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Transcript of Blended Learning 101os-digital-learning-conference-16. · PDF file What is Blended Learning? A...

  • Blended Learning 101

    An introduction for secondary teachers

  • What is Blended Learning? » Definitions of blended learning

    range from so broad that practically any learning experience that integrates some use of educational technology might qualify

    » While others focus on a specific percentage combination of online curriculum and instruction in a face-to-face setting

  • What is Blended Learning? A good definition of blended learning from Innosight Institute defines blended learning as:

    A formal education program in which a student learns at least in part through online delivery of content and instruction with some element of student control over time, place, path, and/or pace and at least in part at a supervised brick-and- mortar location away from home.

  • Blended Learning Defined » Blended Learning is not Distance

    Learning or On-line learning

    » Distance Learning is any learning that allows instructor, students, and content to be located in different locations so that instruction and learning occur independent of time and place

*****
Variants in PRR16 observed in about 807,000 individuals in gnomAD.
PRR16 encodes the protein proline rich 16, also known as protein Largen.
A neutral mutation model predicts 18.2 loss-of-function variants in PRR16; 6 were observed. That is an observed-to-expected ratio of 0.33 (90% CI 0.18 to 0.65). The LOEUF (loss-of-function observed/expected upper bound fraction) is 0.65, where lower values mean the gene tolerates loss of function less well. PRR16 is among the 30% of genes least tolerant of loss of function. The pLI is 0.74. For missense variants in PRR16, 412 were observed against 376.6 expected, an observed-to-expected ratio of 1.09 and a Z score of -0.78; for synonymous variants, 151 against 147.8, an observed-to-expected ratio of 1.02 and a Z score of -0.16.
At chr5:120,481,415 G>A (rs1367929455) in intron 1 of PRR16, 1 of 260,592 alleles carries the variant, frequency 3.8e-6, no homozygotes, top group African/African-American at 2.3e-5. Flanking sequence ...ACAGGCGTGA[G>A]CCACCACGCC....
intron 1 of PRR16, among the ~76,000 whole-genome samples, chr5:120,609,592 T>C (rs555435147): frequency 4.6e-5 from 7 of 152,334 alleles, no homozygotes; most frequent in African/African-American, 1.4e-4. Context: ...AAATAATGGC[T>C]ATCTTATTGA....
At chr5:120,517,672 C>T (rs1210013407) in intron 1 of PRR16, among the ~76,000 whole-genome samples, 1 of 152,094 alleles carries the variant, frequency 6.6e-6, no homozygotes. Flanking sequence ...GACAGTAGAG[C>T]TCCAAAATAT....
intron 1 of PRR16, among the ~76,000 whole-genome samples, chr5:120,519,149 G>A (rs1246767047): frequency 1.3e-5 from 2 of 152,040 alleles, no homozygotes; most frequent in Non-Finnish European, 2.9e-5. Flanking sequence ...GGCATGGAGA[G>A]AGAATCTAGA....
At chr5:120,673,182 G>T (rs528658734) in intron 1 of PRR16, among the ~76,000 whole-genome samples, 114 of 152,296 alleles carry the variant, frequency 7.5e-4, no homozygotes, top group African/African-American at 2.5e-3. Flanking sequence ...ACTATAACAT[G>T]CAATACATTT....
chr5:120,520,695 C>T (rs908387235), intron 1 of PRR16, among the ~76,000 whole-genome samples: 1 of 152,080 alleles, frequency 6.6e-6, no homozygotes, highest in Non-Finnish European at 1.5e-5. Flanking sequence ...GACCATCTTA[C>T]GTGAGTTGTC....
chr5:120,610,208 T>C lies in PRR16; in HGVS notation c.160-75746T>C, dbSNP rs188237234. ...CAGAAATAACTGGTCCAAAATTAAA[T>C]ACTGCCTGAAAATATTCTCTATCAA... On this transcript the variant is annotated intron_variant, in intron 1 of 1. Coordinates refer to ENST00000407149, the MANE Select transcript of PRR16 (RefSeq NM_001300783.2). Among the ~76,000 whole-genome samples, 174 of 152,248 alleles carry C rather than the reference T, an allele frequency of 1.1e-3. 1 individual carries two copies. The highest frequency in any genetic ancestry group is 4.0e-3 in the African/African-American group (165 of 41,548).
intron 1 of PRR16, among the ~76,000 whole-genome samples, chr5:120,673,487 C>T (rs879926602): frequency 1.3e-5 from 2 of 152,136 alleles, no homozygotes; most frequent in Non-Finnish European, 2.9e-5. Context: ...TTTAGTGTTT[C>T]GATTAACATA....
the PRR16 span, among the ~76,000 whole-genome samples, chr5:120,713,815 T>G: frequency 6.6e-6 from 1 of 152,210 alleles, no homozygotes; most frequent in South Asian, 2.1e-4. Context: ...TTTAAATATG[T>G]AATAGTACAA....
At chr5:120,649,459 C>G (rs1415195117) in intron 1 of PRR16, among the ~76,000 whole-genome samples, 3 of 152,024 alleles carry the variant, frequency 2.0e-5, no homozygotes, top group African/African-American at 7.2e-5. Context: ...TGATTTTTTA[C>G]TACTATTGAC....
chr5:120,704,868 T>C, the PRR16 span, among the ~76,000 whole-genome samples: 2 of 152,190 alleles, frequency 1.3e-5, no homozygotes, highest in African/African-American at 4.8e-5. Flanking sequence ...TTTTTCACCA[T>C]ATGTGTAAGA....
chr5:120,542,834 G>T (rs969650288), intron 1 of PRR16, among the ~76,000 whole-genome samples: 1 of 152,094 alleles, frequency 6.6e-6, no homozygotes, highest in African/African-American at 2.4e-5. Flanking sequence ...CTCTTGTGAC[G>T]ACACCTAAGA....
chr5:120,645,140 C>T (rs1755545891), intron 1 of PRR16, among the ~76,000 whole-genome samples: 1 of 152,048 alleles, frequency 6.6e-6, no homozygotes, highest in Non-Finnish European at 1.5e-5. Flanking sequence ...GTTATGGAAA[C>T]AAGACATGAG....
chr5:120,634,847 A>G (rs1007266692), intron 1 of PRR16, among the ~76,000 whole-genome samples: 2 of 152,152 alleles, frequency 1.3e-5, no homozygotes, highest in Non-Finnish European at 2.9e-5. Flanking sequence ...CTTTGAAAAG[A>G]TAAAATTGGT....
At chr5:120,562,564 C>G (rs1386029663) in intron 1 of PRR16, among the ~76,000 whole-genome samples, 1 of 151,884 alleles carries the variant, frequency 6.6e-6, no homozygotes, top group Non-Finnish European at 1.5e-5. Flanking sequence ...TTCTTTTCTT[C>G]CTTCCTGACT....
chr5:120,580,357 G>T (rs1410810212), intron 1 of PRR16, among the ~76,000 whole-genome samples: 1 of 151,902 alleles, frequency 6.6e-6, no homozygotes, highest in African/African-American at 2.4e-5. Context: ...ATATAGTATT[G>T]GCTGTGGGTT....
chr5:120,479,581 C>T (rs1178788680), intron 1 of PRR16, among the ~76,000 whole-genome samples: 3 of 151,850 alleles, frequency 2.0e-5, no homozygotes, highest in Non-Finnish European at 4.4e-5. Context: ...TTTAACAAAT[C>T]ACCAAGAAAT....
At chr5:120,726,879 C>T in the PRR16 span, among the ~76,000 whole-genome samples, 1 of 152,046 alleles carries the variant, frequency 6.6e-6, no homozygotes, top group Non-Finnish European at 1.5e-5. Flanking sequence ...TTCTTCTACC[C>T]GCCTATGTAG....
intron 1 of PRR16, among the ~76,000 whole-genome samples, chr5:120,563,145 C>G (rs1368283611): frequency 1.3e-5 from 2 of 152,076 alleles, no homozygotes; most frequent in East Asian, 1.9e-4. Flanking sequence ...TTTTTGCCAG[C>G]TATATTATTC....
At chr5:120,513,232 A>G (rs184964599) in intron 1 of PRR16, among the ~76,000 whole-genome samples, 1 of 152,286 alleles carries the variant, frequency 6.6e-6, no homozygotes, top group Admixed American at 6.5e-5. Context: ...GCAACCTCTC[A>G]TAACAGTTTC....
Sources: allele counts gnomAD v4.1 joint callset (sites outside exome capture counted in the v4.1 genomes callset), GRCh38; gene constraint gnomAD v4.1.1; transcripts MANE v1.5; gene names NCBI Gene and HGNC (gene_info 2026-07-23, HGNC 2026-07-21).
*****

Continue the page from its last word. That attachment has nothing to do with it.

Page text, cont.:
• Blended Learning Defined

    »Blended Learning combines two modes of instruction: > online and face-to-face.

    » In a Blended environment, students meet regularly with their teacher.

  • Why use Blended Learning? A talented California educator, Catlin Tucker, an expert on blended learning, wrote in her blog:

    “My interest in blended learning came from my own desire to improve student learning, while being a more effective educator. My teaching practice was transformed when I began weaving together work done in the classroom with work done online. As a result, I encourage regular teachers (like myself) to embrace this term and use technology to create a blended curriculum that combines engagement and active learning in the classroom with meaningful work done online.”